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Publisher's Summary

21st century Tokyo, after the millennial quake. Neon rain. Light everywhere blowing under any door you might try to close. Where the New Buildings, the largest in the world, erect themselves unaided, their slow rippling movements like the contractions of a sea-creature...

Colin Laney is here looking for work. He is an intuitive fisher for patterns of information, the "signature" an individual creates simply by going about the business of living. But Laney knows how to sift for the dangerous bits. Which makes him useful - to certain people.

Chia McKenzie is here on a rescue mission. She's 14. Her idol is the singer Rez, of the band Lo,Rez. When the Seattle chapter of the Lo,Rez fan club decided that he might be in trouble in Tokyo, they sent Chia to check it out.

Rei Toei is the idoru - the beautiful, entirely virtual media star adored by all Japan. Rez has declared that he will marry her. This is the rumor that has brought Chia to Tokyo. True or not, the idoru and the powerful interests surrounding her are enough to put all their lives in danger...

©1996 William Gibson (P)2018 Tantor

What members say

Average Customer Ratings

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  • Overall
    3 out of 5 stars
  • Performance
    1 out of 5 stars
  • Story
    4 out of 5 stars

not the best performance but good story

Sounded like that scene in arrested development when Gob is reading the Country Club menu to Lucille 2.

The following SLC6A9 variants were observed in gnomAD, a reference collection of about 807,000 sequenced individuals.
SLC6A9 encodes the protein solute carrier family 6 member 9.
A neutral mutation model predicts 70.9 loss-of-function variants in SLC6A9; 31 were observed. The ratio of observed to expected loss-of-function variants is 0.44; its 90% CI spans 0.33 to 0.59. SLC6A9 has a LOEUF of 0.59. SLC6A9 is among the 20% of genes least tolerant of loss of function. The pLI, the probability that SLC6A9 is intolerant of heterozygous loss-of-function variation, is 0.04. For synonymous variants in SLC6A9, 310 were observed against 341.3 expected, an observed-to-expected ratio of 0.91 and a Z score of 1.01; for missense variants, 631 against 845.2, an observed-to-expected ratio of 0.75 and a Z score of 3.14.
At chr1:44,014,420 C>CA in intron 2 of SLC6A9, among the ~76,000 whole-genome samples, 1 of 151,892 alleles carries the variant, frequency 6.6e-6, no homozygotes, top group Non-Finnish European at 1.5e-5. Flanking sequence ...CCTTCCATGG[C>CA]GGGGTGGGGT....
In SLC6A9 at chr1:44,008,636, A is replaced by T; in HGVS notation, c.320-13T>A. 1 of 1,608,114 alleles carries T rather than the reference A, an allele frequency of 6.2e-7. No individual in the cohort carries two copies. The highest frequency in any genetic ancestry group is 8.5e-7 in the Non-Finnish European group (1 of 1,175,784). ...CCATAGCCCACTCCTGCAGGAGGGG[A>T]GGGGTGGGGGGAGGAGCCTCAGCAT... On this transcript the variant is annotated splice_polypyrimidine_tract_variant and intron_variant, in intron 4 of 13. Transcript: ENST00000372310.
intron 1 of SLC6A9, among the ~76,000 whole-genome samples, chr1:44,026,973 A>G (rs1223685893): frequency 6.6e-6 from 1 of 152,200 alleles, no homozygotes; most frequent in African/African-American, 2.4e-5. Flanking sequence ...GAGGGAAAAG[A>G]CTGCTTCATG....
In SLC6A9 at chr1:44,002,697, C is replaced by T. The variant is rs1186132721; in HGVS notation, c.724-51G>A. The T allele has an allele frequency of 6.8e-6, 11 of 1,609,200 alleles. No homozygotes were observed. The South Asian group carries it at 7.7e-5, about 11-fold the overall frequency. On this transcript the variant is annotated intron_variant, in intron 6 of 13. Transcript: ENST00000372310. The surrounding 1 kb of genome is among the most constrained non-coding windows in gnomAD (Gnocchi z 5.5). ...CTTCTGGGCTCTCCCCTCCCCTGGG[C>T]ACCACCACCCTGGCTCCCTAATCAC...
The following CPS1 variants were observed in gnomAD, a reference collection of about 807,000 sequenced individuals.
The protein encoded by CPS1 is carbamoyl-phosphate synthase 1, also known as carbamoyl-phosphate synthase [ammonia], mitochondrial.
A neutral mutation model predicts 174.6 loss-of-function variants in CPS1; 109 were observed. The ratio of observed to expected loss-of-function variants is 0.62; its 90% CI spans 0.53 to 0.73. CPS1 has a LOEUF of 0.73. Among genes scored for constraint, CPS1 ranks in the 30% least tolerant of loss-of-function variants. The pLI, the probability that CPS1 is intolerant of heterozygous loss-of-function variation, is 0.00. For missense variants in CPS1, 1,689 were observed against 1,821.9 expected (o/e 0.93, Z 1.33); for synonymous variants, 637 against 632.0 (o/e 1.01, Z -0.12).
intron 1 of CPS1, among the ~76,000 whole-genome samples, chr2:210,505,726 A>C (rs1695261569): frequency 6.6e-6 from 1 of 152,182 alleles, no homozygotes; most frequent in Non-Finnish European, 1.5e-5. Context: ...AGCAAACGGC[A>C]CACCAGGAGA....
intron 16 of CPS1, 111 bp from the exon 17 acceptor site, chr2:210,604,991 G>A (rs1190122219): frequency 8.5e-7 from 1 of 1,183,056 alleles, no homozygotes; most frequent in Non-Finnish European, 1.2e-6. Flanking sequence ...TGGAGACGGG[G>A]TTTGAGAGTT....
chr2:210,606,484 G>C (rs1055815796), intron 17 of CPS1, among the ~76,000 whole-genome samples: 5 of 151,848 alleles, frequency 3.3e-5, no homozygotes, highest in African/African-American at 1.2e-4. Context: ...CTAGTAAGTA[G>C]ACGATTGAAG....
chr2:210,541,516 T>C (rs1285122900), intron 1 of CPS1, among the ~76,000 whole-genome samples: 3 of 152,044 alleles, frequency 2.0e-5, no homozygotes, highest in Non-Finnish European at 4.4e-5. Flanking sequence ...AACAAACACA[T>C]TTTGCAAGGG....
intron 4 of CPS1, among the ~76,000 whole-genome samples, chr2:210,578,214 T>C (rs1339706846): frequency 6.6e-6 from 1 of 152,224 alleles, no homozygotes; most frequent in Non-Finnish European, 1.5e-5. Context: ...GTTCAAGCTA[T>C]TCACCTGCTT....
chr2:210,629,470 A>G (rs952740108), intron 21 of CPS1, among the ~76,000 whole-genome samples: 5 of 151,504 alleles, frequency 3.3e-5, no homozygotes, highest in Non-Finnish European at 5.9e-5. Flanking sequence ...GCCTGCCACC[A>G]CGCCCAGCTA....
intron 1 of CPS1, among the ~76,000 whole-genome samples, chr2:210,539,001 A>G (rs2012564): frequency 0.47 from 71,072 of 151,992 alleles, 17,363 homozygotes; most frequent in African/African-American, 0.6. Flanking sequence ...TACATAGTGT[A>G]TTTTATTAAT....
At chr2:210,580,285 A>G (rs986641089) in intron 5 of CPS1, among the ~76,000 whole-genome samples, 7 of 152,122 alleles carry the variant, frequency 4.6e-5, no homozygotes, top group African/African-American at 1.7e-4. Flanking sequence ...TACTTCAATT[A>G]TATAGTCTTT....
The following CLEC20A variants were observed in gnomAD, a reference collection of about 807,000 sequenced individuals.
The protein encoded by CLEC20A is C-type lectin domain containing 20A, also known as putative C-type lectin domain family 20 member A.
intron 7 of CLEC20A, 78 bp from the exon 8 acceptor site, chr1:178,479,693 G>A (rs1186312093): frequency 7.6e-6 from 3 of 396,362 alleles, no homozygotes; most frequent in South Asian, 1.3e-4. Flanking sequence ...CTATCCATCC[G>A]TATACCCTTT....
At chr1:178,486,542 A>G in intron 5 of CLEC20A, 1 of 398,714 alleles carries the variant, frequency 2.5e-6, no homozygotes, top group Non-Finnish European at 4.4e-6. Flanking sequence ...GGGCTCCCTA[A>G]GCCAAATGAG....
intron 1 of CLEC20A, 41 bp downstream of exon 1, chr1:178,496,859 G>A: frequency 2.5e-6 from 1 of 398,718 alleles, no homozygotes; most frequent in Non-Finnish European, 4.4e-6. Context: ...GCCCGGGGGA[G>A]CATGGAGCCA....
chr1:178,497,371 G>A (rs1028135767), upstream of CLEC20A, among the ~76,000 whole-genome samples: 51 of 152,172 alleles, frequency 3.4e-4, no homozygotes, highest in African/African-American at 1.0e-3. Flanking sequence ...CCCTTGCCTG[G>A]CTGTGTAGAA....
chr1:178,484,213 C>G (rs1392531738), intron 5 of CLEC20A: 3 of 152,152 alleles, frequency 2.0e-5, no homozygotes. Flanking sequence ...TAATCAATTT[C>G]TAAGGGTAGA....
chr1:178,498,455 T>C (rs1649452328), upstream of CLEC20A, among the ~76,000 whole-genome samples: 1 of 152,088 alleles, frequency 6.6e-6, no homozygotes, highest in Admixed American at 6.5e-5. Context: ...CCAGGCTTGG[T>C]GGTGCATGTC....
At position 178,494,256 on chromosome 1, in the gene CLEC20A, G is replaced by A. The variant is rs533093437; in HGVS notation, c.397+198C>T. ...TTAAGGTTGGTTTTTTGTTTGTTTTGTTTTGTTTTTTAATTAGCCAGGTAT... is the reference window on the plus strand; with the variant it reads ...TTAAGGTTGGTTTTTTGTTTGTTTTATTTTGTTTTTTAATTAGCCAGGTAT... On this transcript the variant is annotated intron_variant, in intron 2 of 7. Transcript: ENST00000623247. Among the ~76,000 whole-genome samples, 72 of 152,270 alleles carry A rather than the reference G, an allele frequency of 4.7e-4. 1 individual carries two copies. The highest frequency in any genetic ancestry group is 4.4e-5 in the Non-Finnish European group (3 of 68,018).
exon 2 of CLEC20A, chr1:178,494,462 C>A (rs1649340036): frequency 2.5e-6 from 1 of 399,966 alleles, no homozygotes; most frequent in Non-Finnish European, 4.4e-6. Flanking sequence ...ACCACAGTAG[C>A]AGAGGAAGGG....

1 of 1 people found this review helpful

  • Overall
    5 out of 5 stars
  • Performance
    1 out of 5 stars
  • Story
    4 out of 5 stars

Excellent except for the narrator

The story is excellent every time. The narrator is at times unbearable though, reading the entire story as if he were reading for an action movie trailer. It leaves much of the delivery flat, the characters become expressionless and the tone doesn't match the story. That said, I prefer it at least to other narrators who affect a falsetto for smaller/female characters, so there is that.

  • Overall
    3 out of 5 stars
  • Performance
    1 out of 5 stars
  • Story
    3 out of 5 stars

Good post-cyberpunk Gibson...with problems

Through the Bridge Trilogy and on into the Blue Ant trilogy, Gibson moved into his post-cyberpunk work that's near-future-to-basically-present and relates more directly to the current world.
Idoru is the 2nd in the Bridge Trilogy

As the second work, I think it suffers from some pacing problems that a second work in a trilogy can have (though his stuff tends to read as stand-alone stories pretty well) - so nothing unusual in that middle child problem - and as long as you are invested in the trilogy, any hiccups wash out in the mix

PROBLEM : audible doesn't seem to carry "virtual light" (the Frank Muller performance is classic Muller with all the quality you'd expect...excellent and easy on the ears. I believe there is a Peter Weller read version as well, but I haven't heard it). That really breaks up the series

I think the MAJOR problem with the trilogy is performance
1) This particular performance is...I'm sorry to say it - just not very good
2) The companion pieces aren't done by the same readers so, as a trilogy, you don't get the "the voice of the trilogy" that keeps things cohesive


I'd hope, esp as it's an older series, audible could maybe work out a deal to rerecord as it is a major work for Gibson



  • Overall
    3 out of 5 stars
  • Performance
    1 out of 5 stars
  • Story
    5 out of 5 stars

Awful reader. Good book.

I'm a huge Gibson fan, and have just about all of the audiobooks. Unfortunately, this has a terrible narrator, who sounds like he's doing a weather report on the local news the whole time. the reading was bad enough that I returned the book.